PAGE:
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11 November 2008


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Herbert Reed
"The Happy Warrior"

His wild heart beats with painful sobs,
His strin'd hands clench an ice-cold rifle,
His aching jaws grip a hot parch'd tongue,
His wide eyes search unconsciously.

He cannot shriek.

Bloody saliva
Dribbles down his shapeless jacket.

I saw him stab
And stab again
A well-killed Boche.

This is the happy warrior,
This is he...

Wilfred Gibson

They ask me where I've been,
And what I've done and seen.
But what can I reply
Who know it wasn't I,
But someone just like me,
Who went across the sea
And with my head and hands
Killed men in foreign lands...
Though I must bear the blame,
Because he bore my name.


from time immemorial

those departed and the lucky living wounded who remember their sacrifice

Ω ξείν', αγγέλλειν Λακεδαιμονίοις ότι τήδε
κείμεθα, τοις κείνων ρήμασι πειθόμενοι.

O xein', angellein Lakedaimoniois hoti tede
keimetha tois keinon rhemasi peithomenoi.

Stranger! To Sparta say, her faithful band,
Here lie in death, remembering her command.

Erich von Manstein Lost Victories


In Flanders fields the poppies blow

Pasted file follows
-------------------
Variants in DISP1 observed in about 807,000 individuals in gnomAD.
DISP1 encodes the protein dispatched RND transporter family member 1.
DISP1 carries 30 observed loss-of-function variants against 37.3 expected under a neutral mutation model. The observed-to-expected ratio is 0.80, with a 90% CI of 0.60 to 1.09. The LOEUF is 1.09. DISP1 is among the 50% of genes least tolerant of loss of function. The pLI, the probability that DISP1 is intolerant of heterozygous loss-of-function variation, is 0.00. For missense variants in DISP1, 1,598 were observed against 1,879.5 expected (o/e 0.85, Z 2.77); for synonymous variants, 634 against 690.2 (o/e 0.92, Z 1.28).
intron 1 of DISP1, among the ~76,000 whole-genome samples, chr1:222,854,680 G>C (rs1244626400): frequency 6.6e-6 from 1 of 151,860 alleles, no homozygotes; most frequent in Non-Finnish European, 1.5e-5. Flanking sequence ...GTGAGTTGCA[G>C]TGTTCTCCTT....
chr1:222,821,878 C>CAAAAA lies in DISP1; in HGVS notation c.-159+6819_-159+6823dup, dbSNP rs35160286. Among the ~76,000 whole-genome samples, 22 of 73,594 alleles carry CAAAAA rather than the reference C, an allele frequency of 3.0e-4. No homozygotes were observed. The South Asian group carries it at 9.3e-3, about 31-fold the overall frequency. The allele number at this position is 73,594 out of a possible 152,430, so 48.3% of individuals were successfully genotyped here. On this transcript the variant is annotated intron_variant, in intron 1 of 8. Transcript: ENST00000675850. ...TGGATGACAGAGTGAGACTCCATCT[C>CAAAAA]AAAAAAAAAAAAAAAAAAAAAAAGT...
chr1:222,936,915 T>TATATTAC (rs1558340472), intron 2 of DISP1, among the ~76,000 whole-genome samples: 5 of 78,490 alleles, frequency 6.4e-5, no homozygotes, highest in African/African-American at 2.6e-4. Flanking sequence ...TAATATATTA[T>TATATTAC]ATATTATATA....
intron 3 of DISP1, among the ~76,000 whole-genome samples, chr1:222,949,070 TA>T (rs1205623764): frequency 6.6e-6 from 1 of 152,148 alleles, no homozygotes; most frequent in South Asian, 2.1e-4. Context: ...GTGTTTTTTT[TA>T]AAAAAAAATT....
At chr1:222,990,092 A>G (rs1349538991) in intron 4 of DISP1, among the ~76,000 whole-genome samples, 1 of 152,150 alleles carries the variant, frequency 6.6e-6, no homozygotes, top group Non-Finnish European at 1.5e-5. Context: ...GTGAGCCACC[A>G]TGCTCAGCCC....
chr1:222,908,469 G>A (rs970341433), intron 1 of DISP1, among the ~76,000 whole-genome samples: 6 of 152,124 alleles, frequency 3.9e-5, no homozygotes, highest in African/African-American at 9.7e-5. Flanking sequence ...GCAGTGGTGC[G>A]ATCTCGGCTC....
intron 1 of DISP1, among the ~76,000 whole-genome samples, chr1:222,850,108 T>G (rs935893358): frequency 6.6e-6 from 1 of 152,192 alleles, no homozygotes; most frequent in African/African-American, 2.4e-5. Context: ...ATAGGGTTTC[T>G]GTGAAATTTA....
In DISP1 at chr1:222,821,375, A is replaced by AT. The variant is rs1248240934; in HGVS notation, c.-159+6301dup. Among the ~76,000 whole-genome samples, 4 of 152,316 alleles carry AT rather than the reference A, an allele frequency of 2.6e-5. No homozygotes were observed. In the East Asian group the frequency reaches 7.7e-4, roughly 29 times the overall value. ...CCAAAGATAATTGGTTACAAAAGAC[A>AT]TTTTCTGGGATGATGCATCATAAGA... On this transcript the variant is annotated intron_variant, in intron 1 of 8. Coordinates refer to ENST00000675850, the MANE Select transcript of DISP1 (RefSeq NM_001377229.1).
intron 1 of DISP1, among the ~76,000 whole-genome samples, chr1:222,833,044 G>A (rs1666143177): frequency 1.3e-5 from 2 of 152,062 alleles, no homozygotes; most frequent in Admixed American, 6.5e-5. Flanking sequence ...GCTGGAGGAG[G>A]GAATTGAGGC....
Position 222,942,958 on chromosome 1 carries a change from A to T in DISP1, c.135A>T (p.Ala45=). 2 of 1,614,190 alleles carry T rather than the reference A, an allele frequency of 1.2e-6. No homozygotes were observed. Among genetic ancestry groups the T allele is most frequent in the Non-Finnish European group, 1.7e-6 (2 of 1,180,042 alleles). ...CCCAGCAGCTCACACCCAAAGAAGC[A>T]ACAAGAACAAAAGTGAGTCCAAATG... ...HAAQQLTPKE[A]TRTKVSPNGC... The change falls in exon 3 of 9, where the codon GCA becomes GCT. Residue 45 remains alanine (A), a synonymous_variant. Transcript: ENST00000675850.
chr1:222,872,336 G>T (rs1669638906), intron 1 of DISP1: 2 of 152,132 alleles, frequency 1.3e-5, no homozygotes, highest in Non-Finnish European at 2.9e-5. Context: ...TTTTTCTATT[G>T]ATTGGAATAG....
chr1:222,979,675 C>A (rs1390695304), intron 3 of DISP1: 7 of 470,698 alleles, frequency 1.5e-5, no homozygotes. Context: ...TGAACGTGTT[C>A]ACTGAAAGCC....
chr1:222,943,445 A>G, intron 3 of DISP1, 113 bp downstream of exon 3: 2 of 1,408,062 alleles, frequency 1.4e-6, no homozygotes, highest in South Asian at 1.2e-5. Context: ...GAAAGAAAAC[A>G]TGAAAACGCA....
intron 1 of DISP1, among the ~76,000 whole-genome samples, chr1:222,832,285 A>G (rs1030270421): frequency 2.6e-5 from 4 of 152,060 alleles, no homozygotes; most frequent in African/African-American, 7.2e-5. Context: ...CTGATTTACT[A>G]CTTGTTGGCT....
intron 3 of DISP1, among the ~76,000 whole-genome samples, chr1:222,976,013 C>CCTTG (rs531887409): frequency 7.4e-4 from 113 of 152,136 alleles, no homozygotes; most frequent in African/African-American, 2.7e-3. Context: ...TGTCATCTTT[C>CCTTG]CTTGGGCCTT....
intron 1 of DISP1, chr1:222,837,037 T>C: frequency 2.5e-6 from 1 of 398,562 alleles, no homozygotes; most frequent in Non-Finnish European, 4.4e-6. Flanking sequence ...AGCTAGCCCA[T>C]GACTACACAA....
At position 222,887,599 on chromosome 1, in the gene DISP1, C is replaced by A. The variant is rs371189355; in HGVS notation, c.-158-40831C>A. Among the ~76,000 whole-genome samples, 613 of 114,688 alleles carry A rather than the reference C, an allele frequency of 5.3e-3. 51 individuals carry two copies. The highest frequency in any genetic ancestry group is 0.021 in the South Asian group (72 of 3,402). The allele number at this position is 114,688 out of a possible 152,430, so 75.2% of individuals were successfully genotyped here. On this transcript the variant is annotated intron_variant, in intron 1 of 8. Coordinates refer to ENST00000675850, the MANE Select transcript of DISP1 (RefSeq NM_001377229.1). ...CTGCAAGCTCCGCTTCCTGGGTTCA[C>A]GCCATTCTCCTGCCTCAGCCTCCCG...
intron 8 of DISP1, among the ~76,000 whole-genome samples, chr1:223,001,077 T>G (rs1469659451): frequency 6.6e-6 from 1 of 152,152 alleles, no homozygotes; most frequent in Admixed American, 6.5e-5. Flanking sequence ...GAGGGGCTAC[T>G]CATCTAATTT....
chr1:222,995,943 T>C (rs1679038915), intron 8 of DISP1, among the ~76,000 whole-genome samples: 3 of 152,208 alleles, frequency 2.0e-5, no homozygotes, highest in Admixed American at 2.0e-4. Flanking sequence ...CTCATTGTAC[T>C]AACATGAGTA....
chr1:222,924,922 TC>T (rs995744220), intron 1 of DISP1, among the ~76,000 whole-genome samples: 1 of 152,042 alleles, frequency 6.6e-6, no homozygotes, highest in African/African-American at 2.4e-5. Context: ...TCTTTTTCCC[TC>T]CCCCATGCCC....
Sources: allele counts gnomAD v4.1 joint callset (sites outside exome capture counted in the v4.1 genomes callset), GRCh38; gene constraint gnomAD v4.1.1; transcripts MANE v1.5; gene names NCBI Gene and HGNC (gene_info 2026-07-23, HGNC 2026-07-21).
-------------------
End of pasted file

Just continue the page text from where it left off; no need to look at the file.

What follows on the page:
Between the crosses, row on row,
That mark our place; and in the sky
The larks, still bravely singing, fly
Scarce heard amid the guns below.

We are the Dead. Short days ago
We lived, felt dawn, saw sunset glow,
Loved and were loved, and now we lie
In Flanders fields.

Take up our quarrel with the foe:
To you from failing hands we throw
The torch; be yours to hold it high.
If ye break faith with us who die
We shall not sleep, though poppies grow
In Flanders fields.

Since I live near Flanders fields, I've seen the crosses row on row. The amount of blood shed in that small area, for such a pointless war, is truly saddening.


Col Lang thank you for your service.

William R. Cumming

Hard to believe that ten years from today the wonder of that ARMISTICE will be a century past. John Keegan refers to WWII as the greatest event so far in human history and probably for the next thousand years. Nonetheless clearly it was just an Armistice for WWI on November 11th, 1918 and not a peace. Who alive on that day could imagine the horror to follow. Blessed are the Peacemakers.


In war, there are no unwounded soldiers. ~José Narosky


In memory of those who earned a hero's welcome home, and in memory of all the fallen.